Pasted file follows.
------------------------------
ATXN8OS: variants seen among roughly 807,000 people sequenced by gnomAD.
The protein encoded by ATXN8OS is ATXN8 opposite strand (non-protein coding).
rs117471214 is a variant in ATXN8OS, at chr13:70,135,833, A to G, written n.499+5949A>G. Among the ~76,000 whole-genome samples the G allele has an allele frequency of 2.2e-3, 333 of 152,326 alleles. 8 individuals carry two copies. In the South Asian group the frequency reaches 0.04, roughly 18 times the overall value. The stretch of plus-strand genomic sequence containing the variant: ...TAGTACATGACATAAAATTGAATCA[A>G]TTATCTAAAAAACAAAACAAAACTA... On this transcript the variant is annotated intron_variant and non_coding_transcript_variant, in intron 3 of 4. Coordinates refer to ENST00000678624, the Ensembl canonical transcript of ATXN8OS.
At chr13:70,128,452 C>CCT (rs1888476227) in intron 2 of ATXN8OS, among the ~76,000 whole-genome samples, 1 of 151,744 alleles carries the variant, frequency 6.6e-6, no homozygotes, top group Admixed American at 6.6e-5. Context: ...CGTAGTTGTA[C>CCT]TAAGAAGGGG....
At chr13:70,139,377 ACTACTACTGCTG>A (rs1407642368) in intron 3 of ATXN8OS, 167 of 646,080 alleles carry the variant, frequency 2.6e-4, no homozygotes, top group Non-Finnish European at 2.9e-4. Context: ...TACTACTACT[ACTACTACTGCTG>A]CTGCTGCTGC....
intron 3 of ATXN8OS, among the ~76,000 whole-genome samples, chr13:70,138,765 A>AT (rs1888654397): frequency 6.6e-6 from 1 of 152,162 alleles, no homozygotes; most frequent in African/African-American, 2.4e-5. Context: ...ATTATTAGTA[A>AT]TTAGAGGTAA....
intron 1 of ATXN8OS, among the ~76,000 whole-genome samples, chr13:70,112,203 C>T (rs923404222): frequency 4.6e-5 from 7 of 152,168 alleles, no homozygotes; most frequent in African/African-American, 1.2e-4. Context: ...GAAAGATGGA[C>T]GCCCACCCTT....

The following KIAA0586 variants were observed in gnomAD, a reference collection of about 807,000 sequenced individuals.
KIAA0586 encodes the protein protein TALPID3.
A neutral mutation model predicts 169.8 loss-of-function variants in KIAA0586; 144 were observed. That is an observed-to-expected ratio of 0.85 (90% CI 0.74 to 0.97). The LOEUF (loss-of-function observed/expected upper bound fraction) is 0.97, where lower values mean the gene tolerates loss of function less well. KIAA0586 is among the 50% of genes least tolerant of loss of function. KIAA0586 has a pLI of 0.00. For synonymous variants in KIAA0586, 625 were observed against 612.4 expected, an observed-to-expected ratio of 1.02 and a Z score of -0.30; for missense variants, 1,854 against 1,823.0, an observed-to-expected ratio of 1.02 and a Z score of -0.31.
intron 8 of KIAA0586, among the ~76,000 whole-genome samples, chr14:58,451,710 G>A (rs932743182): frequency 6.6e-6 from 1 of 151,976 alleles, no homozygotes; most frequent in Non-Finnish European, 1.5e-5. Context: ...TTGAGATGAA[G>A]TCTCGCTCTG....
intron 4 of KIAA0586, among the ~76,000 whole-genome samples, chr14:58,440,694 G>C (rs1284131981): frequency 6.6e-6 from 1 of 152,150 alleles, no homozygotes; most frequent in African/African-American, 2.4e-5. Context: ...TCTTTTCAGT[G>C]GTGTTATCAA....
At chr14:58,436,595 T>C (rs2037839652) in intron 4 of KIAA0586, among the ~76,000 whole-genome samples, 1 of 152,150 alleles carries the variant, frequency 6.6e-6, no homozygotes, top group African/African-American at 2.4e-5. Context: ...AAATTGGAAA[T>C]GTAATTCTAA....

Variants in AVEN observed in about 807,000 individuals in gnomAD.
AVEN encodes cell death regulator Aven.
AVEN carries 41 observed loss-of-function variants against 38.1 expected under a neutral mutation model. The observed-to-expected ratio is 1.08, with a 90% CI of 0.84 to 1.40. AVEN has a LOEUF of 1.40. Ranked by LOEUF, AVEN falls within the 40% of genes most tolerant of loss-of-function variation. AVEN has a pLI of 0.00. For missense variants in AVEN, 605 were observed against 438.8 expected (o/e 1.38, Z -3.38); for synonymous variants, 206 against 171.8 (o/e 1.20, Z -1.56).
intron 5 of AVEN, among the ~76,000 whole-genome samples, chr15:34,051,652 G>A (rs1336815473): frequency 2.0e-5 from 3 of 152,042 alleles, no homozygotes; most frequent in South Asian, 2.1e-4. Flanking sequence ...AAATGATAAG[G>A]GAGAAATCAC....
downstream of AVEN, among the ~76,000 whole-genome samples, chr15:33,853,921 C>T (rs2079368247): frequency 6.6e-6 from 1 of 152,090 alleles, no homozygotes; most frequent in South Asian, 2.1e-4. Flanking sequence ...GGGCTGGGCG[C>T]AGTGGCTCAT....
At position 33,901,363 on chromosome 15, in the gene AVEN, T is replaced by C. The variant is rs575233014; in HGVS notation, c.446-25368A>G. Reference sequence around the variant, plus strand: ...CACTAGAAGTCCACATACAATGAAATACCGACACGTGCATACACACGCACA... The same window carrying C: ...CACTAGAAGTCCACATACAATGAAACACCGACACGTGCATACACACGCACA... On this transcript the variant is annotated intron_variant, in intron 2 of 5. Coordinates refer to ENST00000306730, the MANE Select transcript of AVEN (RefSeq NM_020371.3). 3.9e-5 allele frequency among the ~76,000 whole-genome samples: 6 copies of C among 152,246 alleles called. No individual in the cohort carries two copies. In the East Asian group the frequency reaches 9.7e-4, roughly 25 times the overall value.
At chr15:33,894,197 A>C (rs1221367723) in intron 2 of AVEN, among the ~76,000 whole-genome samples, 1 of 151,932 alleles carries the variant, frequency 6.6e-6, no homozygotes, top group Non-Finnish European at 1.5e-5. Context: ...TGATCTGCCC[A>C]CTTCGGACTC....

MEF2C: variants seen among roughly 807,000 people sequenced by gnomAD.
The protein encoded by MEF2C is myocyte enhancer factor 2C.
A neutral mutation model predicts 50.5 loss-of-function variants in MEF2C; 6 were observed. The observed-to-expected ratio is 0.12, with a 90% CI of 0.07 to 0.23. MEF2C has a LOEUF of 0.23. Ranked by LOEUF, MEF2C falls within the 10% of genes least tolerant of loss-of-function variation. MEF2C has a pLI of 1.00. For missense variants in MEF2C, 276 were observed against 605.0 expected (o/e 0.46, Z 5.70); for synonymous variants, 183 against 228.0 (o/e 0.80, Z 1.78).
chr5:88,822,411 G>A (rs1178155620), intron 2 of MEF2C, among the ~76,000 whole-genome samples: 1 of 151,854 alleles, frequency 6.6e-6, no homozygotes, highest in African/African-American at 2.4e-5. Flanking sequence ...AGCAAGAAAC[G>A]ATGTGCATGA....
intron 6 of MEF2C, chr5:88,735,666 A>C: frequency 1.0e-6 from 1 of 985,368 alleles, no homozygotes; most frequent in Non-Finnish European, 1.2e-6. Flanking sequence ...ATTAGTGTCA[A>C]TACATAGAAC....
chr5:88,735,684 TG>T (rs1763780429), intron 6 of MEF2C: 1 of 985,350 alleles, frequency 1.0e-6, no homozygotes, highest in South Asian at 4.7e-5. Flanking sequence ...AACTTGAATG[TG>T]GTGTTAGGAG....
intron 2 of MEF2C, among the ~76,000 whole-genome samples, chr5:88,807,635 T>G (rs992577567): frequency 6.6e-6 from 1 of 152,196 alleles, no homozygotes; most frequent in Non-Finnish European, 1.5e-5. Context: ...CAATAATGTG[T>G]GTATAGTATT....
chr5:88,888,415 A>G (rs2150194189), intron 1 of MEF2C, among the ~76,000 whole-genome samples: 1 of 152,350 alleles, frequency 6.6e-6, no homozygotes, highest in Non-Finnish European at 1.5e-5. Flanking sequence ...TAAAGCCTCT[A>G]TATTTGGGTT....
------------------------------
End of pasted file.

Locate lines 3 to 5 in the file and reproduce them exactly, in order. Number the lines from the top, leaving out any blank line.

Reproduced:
rs117471214 is a variant in ATXN8OS, at chr13:70,135,833, A to G, written n.499+5949A>G. Among the ~76,000 whole-genome samples the G allele has an allele frequency of 2.2e-3, 333 of 152,326 alleles. 8 individuals carry two copies. In the South Asian group the frequency reaches 0.04, roughly 18 times the overall value. The stretch of plus-strand genomic sequence containing the variant: ...TAGTACATGACATAAAATTGAATCA[A>G]TTATCTAAAAAACAAAACAAAACTA... On this transcript the variant is annotated intron_variant and non_coding_transcript_variant, in intron 3 of 4. Coordinates refer to ENST00000678624, the Ensembl canonical transcript of ATXN8OS.
At chr13:70,128,452 C>CCT (rs1888476227) in intron 2 of ATXN8OS, among the ~76,000 whole-genome samples, 1 of 151,744 alleles carries the variant, frequency 6.6e-6, no homozygotes, top group Admixed American at 6.6e-5. Context: ...CGTAGTTGTA[C>CCT]TAAGAAGGGG....
At chr13:70,139,377 ACTACTACTGCTG>A (rs1407642368) in intron 3 of ATXN8OS, 167 of 646,080 alleles carry the variant, frequency 2.6e-4, no homozygotes, top group Non-Finnish European at 2.9e-4. Context: ...TACTACTACT[ACTACTACTGCTG>A]CTGCTGCTGC....